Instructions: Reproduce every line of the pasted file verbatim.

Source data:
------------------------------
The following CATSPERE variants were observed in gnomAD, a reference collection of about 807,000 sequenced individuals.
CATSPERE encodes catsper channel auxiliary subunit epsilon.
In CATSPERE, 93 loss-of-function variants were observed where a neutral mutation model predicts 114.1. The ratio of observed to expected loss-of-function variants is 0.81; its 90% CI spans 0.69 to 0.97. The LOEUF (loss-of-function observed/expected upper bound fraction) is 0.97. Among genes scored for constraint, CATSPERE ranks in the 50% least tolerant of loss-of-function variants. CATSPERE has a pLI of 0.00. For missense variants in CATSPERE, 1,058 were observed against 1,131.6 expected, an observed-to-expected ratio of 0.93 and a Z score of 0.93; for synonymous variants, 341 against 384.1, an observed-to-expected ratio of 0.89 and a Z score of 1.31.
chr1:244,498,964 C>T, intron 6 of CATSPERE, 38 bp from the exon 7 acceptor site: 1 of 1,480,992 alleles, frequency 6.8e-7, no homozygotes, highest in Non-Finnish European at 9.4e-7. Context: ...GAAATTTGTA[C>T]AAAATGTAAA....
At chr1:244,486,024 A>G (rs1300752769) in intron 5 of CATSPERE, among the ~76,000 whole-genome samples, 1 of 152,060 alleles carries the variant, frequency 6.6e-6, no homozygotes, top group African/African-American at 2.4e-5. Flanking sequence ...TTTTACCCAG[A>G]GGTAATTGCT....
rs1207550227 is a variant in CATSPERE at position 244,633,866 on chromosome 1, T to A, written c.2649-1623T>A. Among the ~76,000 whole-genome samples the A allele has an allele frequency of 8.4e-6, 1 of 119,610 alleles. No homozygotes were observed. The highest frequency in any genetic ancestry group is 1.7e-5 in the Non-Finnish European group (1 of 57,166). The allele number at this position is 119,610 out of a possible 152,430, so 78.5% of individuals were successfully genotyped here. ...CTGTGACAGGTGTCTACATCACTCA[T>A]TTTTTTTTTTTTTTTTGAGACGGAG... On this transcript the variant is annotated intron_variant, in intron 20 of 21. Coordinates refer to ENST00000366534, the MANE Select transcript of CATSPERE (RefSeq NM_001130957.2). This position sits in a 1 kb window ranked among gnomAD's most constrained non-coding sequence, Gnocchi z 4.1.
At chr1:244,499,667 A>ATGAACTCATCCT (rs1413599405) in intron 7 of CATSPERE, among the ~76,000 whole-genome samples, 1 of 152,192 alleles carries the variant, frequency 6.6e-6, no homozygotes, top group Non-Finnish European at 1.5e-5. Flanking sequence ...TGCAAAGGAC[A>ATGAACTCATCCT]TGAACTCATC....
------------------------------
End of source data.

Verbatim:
The following CATSPERE variants were observed in gnomAD, a reference collection of about 807,000 sequenced individuals.
CATSPERE encodes catsper channel auxiliary subunit epsilon.
In CATSPERE, 93 loss-of-function variants were observed where a neutral mutation model predicts 114.1. The ratio of observed to expected loss-of-function variants is 0.81; its 90% CI spans 0.69 to 0.97. The LOEUF (loss-of-function observed/expected upper bound fraction) is 0.97. Among genes scored for constraint, CATSPERE ranks in the 50% least tolerant of loss-of-function variants. CATSPERE has a pLI of 0.00. For missense variants in CATSPERE, 1,058 were observed against 1,131.6 expected, an observed-to-expected ratio of 0.93 and a Z score of 0.93; for synonymous variants, 341 against 384.1, an observed-to-expected ratio of 0.89 and a Z score of 1.31.
chr1:244,498,964 C>T, intron 6 of CATSPERE, 38 bp from the exon 7 acceptor site: 1 of 1,480,992 alleles, frequency 6.8e-7, no homozygotes, highest in Non-Finnish European at 9.4e-7. Context: ...GAAATTTGTA[C>T]AAAATGTAAA....
At chr1:244,486,024 A>G (rs1300752769) in intron 5 of CATSPERE, among the ~76,000 whole-genome samples, 1 of 152,060 alleles carries the variant, frequency 6.6e-6, no homozygotes, top group African/African-American at 2.4e-5. Flanking sequence ...TTTTACCCAG[A>G]GGTAATTGCT....
rs1207550227 is a variant in CATSPERE at position 244,633,866 on chromosome 1, T to A, written c.2649-1623T>A. Among the ~76,000 whole-genome samples the A allele has an allele frequency of 8.4e-6, 1 of 119,610 alleles. No homozygotes were observed. The highest frequency in any genetic ancestry group is 1.7e-5 in the Non-Finnish European group (1 of 57,166). The allele number at this position is 119,610 out of a possible 152,430, so 78.5% of individuals were successfully genotyped here. ...CTGTGACAGGTGTCTACATCACTCA[T>A]TTTTTTTTTTTTTTTTGAGACGGAG... On this transcript the variant is annotated intron_variant, in intron 20 of 21. Coordinates refer to ENST00000366534, the MANE Select transcript of CATSPERE (RefSeq NM_001130957.2). This position sits in a 1 kb window ranked among gnomAD's most constrained non-coding sequence, Gnocchi z 4.1.
At chr1:244,499,667 A>ATGAACTCATCCT (rs1413599405) in intron 7 of CATSPERE, among the ~76,000 whole-genome samples, 1 of 152,192 alleles carries the variant, frequency 6.6e-6, no homozygotes, top group Non-Finnish European at 1.5e-5. Flanking sequence ...TGCAAAGGAC[A>ATGAACTCATCCT]TGAACTCATC....